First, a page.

Researchers from the Naval Postgraduate School are conducting a foundational sleep study aboard USS Paul Hamilton (DDG 60).
Using smart-watches, biometric testing, daily logs, and light emitting goggles, Dr. Shattuck and her team are seeking to understand the sleep cycles of Sailors. The study aims to find optimal manning levels, watch rotations, and sleep schedules to maximize the effectiveness of Sailors at sea and to understand the impact of ships’ schedules on stress and fatigue levels for Sailors.
“This is one of the very first studies to use telomeres to examine the impact of fatigue and sleep patterns on the aging of cells,” said Dr. Heather Clifton, an NPS research associate. “We are doing so by utilizing some of the newest biometric technology. Most research of this kind only has civilian participants, so this study is truly foundational.”
USS Russell (DDG 59) is also participating in the study. Between the two ships, more than 50 percent of the crewmembers participated. The study has been ongoing since September, and it is the first study of its kind to look at Sailors’ sleep patterns during this phase of a ship’s lifecycle.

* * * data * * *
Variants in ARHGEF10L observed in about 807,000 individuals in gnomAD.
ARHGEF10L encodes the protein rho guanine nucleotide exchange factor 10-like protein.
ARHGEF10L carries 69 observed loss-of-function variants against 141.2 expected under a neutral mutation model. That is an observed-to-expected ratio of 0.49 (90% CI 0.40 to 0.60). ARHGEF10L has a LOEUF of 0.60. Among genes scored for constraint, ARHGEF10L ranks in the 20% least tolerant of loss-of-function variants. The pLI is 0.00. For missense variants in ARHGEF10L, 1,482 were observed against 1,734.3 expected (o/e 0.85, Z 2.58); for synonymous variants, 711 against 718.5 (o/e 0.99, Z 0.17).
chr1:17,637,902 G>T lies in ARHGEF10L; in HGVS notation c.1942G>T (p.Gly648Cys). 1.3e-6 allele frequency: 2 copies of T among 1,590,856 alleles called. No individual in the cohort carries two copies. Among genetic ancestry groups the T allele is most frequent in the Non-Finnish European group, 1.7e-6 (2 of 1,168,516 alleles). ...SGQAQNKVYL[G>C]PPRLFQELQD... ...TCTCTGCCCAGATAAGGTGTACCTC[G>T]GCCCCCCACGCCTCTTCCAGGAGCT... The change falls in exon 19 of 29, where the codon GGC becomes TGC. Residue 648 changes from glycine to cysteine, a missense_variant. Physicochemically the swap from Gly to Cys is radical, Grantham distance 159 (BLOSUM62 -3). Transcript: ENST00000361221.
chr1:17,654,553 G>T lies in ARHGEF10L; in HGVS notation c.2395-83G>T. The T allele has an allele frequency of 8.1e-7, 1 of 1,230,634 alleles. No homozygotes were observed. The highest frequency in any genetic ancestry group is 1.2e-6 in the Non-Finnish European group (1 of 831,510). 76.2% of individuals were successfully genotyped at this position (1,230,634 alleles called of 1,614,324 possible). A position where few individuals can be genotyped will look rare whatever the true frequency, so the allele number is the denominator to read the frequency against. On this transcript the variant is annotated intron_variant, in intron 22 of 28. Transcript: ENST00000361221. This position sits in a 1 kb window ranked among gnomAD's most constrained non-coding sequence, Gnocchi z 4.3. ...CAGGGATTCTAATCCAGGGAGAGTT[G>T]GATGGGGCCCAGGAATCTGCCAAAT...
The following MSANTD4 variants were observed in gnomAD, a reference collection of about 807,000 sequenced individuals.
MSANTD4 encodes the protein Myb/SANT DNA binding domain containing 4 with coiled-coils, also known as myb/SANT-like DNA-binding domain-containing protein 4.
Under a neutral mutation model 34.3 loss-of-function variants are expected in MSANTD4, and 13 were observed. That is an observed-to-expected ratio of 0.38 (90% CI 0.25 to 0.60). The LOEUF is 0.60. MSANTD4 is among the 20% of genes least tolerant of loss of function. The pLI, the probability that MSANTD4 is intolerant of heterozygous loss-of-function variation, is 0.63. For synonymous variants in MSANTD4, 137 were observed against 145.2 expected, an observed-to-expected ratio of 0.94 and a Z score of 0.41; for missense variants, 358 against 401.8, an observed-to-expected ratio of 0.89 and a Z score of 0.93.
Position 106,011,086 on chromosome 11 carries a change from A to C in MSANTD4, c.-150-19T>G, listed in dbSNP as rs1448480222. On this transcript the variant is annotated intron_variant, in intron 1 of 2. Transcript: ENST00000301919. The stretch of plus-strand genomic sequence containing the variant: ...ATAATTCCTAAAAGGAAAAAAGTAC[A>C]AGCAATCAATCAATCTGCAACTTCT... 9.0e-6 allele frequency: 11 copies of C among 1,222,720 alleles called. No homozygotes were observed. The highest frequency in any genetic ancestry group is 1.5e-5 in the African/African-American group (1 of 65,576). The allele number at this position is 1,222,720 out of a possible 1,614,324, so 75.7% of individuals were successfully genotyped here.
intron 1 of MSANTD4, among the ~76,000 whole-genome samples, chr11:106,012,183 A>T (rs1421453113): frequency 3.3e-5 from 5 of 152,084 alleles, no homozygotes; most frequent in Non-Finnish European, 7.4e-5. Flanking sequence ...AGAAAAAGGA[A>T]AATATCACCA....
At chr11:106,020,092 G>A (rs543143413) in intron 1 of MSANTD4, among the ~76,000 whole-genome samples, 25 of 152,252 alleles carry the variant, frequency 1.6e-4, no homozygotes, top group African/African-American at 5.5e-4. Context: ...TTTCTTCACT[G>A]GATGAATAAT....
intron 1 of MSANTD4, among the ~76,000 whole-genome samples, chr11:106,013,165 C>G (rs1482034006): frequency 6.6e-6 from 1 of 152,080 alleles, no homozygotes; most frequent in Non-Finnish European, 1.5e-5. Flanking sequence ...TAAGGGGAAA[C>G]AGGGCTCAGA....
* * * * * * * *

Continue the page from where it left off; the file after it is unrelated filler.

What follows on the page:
“I have never been involved in a study before, and it is really a unique experience to participate in something so high tech and important,” said Machinist Mate 3rd Class Damian Flood, a participant in the study,
Stationed in San Diego, Paul Hamilton is the 10th Arleigh Burke class AEGIS guided missile destroyer. Destroyers are capable of sustained combat operations supporting forward presence, maritime security, sea control and deterrence. AEGIS destroyers operate in a network centric warfare environment and execute multi-mission tasking including ballistic missile defense, anti-air, anti-surface, anti-submarine, and cyber warfare.
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